The recent revelations, leaked by NSA whistle-blower Edward Snowden, that both NSA and itsUK counterpart GCHQ had targeted whistle-blower platform WikiLeaks and, after the publication of the Afghanistan Warlogs had pressured other countries with forces in Afghanistan such as Australia, the UK and Germany to prosecute WikiLeaks founder and editor-in-chief Julian Assange doesn’t come as a surprise.
What does is
“U.S. attempt[s] to pressure other nations to prosecute Assange […] recounted in a file that the intelligence community calls its ‘Manhunting Timeline.’ The document details, on a country-by-country basis, efforts by the U.S. government and its allies to locate, prosecute, capture or kill alleged terrorists, drug traffickers, Palestinian leaders and others. There is a timeline for each year from 2008 to 2012.”
So, Assange among people such as Khaled Mashaal? A manhunt? Other papers leaked by Snowden mention WikiLeaks and its “network of supporters” as “malicious foreign actors”. And GCHQ had, in a top-secret PowerPoint presentation at the 2012 annual gathering of its Five-Eye alliance, the U.S, UK, Canada, Australia and New Zealand, made sure that it is willing to target even users who accessed the WikiLeaks web page, storing IP numbers.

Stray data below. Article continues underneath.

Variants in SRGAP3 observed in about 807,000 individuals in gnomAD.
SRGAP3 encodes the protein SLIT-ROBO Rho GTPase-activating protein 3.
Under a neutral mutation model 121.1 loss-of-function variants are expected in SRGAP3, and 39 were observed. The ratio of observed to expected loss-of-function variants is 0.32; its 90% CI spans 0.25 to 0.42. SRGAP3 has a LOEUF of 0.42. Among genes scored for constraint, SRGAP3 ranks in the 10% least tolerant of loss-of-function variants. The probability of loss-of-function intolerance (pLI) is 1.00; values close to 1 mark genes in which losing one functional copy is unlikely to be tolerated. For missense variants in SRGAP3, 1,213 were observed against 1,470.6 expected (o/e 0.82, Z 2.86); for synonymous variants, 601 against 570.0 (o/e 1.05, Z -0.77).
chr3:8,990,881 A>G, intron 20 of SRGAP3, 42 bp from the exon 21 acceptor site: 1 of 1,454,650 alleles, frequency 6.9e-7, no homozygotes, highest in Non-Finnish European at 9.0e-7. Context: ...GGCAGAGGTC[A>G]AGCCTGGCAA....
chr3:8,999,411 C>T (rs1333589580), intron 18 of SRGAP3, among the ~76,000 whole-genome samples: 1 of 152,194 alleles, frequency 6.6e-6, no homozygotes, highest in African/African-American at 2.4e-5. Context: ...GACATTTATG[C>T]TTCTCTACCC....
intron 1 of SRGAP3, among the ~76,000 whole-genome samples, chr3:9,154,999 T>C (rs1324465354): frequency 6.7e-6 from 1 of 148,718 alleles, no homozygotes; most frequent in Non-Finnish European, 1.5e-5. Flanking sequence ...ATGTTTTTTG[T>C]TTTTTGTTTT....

Well, all of this is outrageous. That Glenn Greenwald’s partner, David Miranda, had been detained for nine hours at Heathrow Airport last summer when on his way from Berlin, where he had met with Laura Poitras and probably received USB sticks with further leaks by Snowden, back to Rio de Janeiro is one thing. That today a lower court in the UK had ruled that the detention and interrogation was legal under the terrorism law is just ridiculous. As is possibly placing Edward Snowden’s legal advisor Jesselyn Radack on a “inhibited persons list” when having been stopped and interrogated at Heathrow last Sunday.
When Greenwald was addressed, in the comment section (18 Feb 2014 @ 4:50 am), “Would you widen your scope please? This is interesting but you seem obsessed with the US/UK. What about Russia, China, Iran etc?” he responded,
19 February 2014 @ 6:50 pm. Last modified February 19, 2014.
(1) When a source provides you with tens of thousands of top secret documents from one of the most secretive agencies of the world’s most powerful governments, constituting the biggest security leak in American history, you tend to focus on reporting those documents. I know that’s really strange, but that’s how it is.
(2) As for one’s duties as a citizen and a journalist, see here” (rightfully referring to Noam Chomsky).